Education Act amendment to increase FASD awareness in hands of Halton MPP Indira Naidoo-Harris
It’s now up to Halton MPP and Ontario’s Minister of Education Indira Naidoo-Harris.
Parents and caregivers of those with Fetal Alcohol Spectrum Disorder (FASD) across the province will be waiting.
They will watch in anticipation to see if Naidoo-Harris rises in the legislature at Queen’s Park on Feb. 20 and carries Bill 191 forward for second reading; if not, the bill will die.
Bill 191 calls for an amendment to the Education Act to promote awareness and understanding of FASD, as well as best practices to support students with the disorder, and to collaborate with parents and caregivers to do so.
“It’s a paradigm shift in thinking, in being able to think brain, not blame.”
Parent advocate Mary Ann Bunkowsky
The private member’s bill was first raised and unanimously supported last December by Kingston MPP Sophie Kiwala.
“The bill is critical to children with FASD to achieve success,” commented Mark Courtepatte, co-chair of the Hamilton FASD Parent and Caregiver Support Group, and former acting chair of the Halton group of the same name, as well as chair of the Ontario FASD Political Action Group.
“Many school boards across Ontario today do not recognize FASD under the (ministry’s pupil) exceptionalities. Autism is very similar to FASD in the characteristics, behaviours and methods and approaches to support them, however, the supports and awareness within the ministry of education and school boards across Ontario for FASD are a fraction of what exists for Autism,” said Courtepatte.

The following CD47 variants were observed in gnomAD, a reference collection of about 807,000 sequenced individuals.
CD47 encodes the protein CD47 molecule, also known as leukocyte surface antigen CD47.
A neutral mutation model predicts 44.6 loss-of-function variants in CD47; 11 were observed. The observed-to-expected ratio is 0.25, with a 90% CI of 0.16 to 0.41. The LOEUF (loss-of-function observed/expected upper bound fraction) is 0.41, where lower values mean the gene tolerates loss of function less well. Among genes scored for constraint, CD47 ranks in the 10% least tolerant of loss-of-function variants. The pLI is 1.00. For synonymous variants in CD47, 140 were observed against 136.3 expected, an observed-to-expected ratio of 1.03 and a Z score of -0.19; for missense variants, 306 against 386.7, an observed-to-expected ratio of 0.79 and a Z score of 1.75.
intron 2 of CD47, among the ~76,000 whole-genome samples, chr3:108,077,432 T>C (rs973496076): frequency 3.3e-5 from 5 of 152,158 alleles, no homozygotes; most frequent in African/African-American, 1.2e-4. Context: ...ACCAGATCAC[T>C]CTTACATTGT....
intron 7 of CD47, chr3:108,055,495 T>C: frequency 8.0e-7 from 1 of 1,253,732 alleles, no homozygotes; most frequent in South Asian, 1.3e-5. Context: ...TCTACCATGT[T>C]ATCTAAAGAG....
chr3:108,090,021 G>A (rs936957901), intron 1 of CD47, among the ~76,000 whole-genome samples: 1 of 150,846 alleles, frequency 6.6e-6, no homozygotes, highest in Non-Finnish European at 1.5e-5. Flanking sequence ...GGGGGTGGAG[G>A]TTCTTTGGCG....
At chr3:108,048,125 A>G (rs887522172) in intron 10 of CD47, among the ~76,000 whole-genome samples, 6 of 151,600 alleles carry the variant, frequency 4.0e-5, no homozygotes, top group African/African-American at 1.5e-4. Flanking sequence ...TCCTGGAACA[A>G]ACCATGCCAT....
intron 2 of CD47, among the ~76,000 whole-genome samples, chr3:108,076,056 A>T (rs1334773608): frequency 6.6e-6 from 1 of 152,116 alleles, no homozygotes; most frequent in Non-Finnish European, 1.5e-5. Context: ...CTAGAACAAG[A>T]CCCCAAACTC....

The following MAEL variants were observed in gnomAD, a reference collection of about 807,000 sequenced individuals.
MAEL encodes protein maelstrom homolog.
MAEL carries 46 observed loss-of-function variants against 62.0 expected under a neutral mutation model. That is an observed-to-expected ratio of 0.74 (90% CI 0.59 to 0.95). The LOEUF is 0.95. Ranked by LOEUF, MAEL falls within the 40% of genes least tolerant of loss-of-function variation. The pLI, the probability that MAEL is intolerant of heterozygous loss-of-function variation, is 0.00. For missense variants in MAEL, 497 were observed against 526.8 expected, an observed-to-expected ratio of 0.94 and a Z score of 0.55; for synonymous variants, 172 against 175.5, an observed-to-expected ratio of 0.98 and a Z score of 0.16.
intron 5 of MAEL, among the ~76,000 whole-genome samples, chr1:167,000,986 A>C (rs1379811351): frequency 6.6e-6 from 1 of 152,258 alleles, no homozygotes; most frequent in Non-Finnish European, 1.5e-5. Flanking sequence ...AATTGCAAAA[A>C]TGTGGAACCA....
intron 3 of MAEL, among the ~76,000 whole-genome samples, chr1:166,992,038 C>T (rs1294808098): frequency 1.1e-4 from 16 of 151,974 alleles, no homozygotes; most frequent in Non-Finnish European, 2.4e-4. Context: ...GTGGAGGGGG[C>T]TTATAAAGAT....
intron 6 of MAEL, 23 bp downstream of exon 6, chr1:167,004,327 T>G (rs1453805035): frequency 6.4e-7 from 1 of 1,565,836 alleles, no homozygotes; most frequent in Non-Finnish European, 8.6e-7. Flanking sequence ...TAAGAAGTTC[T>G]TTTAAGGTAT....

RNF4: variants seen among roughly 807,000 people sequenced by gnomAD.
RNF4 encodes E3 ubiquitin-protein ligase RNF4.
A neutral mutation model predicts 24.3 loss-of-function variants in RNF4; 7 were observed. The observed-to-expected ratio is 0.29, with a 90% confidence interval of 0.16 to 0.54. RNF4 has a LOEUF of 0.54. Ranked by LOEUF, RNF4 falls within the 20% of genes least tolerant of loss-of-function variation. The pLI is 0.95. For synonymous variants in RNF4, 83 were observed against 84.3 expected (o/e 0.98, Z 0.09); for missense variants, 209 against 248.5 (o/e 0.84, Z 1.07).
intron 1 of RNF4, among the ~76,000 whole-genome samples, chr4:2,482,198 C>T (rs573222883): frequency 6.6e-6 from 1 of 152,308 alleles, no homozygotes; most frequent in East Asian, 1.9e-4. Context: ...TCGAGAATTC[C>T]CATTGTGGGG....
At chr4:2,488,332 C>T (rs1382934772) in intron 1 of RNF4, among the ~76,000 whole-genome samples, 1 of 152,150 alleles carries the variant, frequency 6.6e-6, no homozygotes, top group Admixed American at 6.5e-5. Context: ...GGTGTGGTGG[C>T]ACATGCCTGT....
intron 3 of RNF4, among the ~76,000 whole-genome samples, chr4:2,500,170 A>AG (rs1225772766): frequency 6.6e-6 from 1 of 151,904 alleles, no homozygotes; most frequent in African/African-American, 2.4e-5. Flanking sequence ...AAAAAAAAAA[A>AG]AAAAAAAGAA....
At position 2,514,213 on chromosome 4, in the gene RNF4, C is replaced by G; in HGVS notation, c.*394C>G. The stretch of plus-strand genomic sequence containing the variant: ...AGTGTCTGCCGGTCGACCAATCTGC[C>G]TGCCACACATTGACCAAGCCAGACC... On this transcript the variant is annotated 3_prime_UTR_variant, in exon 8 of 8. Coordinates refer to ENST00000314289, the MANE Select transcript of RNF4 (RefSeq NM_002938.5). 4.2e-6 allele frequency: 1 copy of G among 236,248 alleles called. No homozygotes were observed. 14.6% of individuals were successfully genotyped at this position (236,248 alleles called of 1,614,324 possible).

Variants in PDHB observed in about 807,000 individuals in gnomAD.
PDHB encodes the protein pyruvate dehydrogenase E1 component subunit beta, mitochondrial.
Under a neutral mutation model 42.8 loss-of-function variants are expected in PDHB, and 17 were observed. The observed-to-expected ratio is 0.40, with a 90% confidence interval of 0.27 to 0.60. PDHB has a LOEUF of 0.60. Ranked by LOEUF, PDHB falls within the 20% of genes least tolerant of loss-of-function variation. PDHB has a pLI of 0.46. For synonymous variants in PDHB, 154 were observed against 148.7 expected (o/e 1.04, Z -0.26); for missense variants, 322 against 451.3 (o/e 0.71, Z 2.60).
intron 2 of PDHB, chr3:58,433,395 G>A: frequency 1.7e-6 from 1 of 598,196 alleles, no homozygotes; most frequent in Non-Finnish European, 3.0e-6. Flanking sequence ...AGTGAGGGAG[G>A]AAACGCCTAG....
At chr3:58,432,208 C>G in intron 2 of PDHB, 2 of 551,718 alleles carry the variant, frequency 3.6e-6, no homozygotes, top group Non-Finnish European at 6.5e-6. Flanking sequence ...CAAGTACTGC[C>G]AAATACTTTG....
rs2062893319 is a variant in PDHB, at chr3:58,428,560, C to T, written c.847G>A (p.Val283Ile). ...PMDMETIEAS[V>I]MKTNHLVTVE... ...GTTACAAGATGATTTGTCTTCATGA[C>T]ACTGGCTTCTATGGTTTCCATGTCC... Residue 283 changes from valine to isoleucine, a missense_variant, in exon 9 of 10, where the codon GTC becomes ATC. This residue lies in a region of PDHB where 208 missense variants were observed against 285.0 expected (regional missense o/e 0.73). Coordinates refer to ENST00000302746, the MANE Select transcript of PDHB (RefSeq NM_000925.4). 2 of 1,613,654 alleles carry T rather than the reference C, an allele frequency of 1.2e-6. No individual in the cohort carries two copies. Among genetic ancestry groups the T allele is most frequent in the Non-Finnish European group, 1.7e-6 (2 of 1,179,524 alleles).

FASD is often referred to as ‘Autism without the supports’, he said.
According to the Ministry of Children and Youth Services FASD Round Table report, there are in excess of 130,000 people with FASD in Ontario.
“Most teachers and EAs across Ontario supporting children with FASD are not familiar with FASD and have not had any formal training on how to support them,” said Courtepatte. “We are very concerned that the bill will be dropped from the docket on Feb. 20.”
Concerned and discouraged, said Courtepatte, because parents who have written to the minister have received no commitment from her to support the legislation.
The legislative schedule for the upcoming parliamentary session has not yet been set, said the minister’s spokesperson Richard Francella, adding that “we continue to explore further ways to better support students who are living with FASD and their families.”
“We know that students with Fetal Alcohol Spectrum Disorder may require supports in order to succeed in school. Our government has committed to investing $26 million over four years to expand support for children, youth and their families and caregivers affected by FASD,” said Francella.
This amount may appear considerable, but is negligible, said Courtepatte, especially if you consider that FASD is cause by pre-natal exposure and that the government made $1.9B profit from alcohol (2016), and most FASD children were adopted from a government agency.
The new investment supports six initiatives that will create one‐stop access to information and training resources, expand parent support networks, increase access to FASD initiatives developed by Indigenous partners, said Francella.